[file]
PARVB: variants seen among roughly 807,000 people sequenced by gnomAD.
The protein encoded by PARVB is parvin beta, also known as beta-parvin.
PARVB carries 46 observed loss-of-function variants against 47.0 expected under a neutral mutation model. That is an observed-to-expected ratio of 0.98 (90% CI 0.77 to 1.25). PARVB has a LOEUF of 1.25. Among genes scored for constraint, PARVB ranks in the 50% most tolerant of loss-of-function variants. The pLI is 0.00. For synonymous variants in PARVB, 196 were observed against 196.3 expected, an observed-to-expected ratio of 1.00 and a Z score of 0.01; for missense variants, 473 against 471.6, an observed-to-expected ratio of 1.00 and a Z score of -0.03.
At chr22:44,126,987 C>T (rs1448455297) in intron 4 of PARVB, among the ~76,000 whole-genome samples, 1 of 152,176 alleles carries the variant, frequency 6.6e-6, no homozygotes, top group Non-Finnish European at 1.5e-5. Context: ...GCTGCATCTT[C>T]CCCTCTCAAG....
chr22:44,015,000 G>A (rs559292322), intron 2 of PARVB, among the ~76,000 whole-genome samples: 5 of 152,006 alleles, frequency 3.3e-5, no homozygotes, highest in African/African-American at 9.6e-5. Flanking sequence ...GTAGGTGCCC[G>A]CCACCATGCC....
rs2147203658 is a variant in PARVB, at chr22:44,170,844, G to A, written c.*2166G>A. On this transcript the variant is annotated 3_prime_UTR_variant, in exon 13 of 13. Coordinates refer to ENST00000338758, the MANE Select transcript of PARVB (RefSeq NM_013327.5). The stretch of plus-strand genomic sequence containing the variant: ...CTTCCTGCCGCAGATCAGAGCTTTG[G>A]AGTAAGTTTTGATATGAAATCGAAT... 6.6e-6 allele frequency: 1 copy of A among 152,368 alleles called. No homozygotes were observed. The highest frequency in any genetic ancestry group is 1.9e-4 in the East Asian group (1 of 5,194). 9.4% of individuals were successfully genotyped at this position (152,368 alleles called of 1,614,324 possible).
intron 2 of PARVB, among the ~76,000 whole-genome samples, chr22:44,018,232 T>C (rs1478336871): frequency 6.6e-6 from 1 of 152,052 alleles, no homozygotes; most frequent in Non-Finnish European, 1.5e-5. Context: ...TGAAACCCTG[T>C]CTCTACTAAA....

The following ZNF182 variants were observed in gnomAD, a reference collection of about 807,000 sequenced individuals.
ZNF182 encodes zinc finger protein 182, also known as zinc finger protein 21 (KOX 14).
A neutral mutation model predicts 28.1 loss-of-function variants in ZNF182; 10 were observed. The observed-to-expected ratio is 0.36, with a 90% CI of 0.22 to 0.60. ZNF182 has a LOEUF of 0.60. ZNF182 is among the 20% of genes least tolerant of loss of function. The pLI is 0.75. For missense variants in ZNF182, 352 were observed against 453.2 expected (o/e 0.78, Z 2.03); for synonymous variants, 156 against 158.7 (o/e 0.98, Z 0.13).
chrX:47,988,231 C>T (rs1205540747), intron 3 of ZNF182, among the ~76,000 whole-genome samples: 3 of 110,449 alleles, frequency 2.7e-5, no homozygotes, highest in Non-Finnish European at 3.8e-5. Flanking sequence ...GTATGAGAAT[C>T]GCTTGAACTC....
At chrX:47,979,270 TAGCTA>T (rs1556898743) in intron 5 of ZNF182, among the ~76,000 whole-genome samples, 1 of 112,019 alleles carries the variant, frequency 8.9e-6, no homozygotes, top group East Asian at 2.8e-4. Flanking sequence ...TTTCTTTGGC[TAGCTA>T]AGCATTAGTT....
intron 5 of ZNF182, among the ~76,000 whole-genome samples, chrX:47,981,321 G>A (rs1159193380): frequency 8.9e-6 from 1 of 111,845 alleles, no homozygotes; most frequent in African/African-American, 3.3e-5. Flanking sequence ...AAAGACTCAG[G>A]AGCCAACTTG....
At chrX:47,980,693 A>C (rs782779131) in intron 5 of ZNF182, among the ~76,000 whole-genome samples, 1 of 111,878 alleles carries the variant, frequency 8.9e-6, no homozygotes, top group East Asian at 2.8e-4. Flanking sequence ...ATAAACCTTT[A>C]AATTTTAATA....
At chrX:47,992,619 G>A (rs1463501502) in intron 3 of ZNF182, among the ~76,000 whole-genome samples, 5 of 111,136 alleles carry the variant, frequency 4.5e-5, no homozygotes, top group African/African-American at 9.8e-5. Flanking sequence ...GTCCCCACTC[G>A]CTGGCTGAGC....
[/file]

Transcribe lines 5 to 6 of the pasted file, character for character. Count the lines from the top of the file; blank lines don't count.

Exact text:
chr22:44,015,000 G>A (rs559292322), intron 2 of PARVB, among the ~76,000 whole-genome samples: 5 of 152,006 alleles, frequency 3.3e-5, no homozygotes, highest in African/African-American at 9.6e-5. Flanking sequence ...GTAGGTGCCC[G>A]CCACCATGCC....
rs2147203658 is a variant in PARVB, at chr22:44,170,844, G to A, written c.*2166G>A. On this transcript the variant is annotated 3_prime_UTR_variant, in exon 13 of 13. Coordinates refer to ENST00000338758, the MANE Select transcript of PARVB (RefSeq NM_013327.5). The stretch of plus-strand genomic sequence containing the variant: ...CTTCCTGCCGCAGATCAGAGCTTTG[G>A]AGTAAGTTTTGATATGAAATCGAAT... 6.6e-6 allele frequency: 1 copy of A among 152,368 alleles called. No homozygotes were observed. The highest frequency in any genetic ancestry group is 1.9e-4 in the East Asian group (1 of 5,194). 9.4% of individuals were successfully genotyped at this position (152,368 alleles called of 1,614,324 possible).